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Study: There Are No ‘Bad’ Carbs; They’re Just Misunderstood

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U.Va. Professor Finds High-Carb Diets Are Linked to Better Weight Control in New Study Published in the Journal of the American Dietetic Association

OCTOBER 2013 – RIDGWAY, Colo. – An article published in the October issue of the Journal of the American Dietetic Association calls into question the common consensus that eating so-called “bad” carbohydrates will make you fat or promote disease. In the article, University of Virginia professor Glenn Gaesser provides analysis of peer-reviewed, scientific research on carbohydrate consumption, glycemic index and body weight and offers the first detailed review of the literature on the correlation between carbohydrate consumption, weight gain and illness.

Gaesser found that diets high in carbohydrates are almost universally associated with slimmer bodies. More importantly, Gaesser found that consuming lots of high-glycemic foods is not associated with higher body weights. In fact, several large studies in the United States revealed that high-glycemic diets were linked to better weight control.

“There is no reason to be eating fewer carbs – they’re not the enemy,” says Gaesser, a professor of exercise physiology and director of the kinesiology program in the Curry School of Education.

After reviewing hundreds of articles on large-scale studies using surveys or randomized, controlled trials, Gaesser says they show that “people who consume high-carb diets tend to be slimmer, and often healthier, than people who consume low-carb diets.” Even high-glycemic foods have a place in the diet. He attributes that to the overall higher quality of a high-carb diet, which includes more fiber-rich and other nutritional foods.

Gaesser also searched for a clear association between carbohydrate consumption and illnesses, such as type 2 diabetes, heart disease and cancer. He found no compelling evidence that avoiding carbohydrates with a high glycemic index (GI) helps prevent these diseases and others. People with diabetes may benefit from lowering their consumption of foods with a high GI, however, as well as very sedentary women who are obese, Gaesser said.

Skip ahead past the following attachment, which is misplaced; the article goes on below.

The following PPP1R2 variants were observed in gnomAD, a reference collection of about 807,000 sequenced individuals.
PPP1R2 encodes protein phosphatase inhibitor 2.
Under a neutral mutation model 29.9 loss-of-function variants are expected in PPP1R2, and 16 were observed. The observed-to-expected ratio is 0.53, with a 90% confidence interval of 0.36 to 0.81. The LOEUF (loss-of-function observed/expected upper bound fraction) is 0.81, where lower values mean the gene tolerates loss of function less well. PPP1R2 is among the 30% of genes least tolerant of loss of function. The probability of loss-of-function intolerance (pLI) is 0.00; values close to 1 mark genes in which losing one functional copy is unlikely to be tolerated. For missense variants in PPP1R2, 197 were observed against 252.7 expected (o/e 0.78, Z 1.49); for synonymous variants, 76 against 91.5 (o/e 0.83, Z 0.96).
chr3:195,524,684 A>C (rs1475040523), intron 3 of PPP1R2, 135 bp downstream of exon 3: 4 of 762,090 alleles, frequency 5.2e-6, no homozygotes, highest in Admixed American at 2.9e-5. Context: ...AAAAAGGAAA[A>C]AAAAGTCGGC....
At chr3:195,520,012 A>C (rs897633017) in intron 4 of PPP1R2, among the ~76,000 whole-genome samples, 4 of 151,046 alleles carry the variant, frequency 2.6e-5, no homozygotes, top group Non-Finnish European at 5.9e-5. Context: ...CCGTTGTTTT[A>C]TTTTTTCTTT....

The glycemic index is a measure of the quality of the carbohydrate in terms of how much it raises blood sugar. Foods having a high GI are generally thought to be “bad” because they raise blood sugar more than “good” carbs do. Proponents of the glycemic index claim that this leads to excessive insulin secretion, which can cause weight gain and health problems.

“Several popular low-carb diets use glycemic index as a key feature for optimum weight control, but it is not a reliable description of carbohydrate quality,” Gaesser says. “Digestion is a complicated process. It’s very difficult to determine the GI of a whole meal, for instance, so it doesn’t really make sense to use GI or “glycemic load” (the glycemic index multiplied by the quantity ingested) as a guide to eating.”

Reducing any part of the diet (carbs or proteins or fats) will result in modest weight loss in the short term, if calorie consumption is reduced, he points out. But for long-term weight maintenance, a high-carb, low-fat diet is still the best bet, he said.

About Dr. Gaesser Dr. Glenn Gaesser is a professor of exercise physiology and director of the kinesiology program in the Curry School of Education for the University of Virginia. A popular speaker, Dr. Gaesser has lectured on the subject of fitness, body weight and health at numerous national and international meetings and has appeared on dozens of radio and TV shows in North America. In addition to his 2006 book, It’s the Calories, Not the Carbs, coauthored with Karin Kratina, Dr. Gaesser has written Big Fat Lies: The Truth About Your Weight and Your Health, published in 1996 and updated in 2001, and The Spark: The Revolutionary New Plan to Get Fit and Lose Weight 10 Minutes At a Time, coauthored with Karla Dougherty, also published in 2001.

About the Grain Foods Foundation
The Grain Foods Foundation, a joint venture of members of the milling and baking industries formed in 2004, is dedicated to advancing the public’s understanding of the beneficial role grain-based foods play in the human diet. Directed by a board of trustees, the Foundation is funded through voluntary donations from private grain-based food companies and is supplemented by industry associations. For more information about the Grain Foods Foundation, visit www.grainpower.org.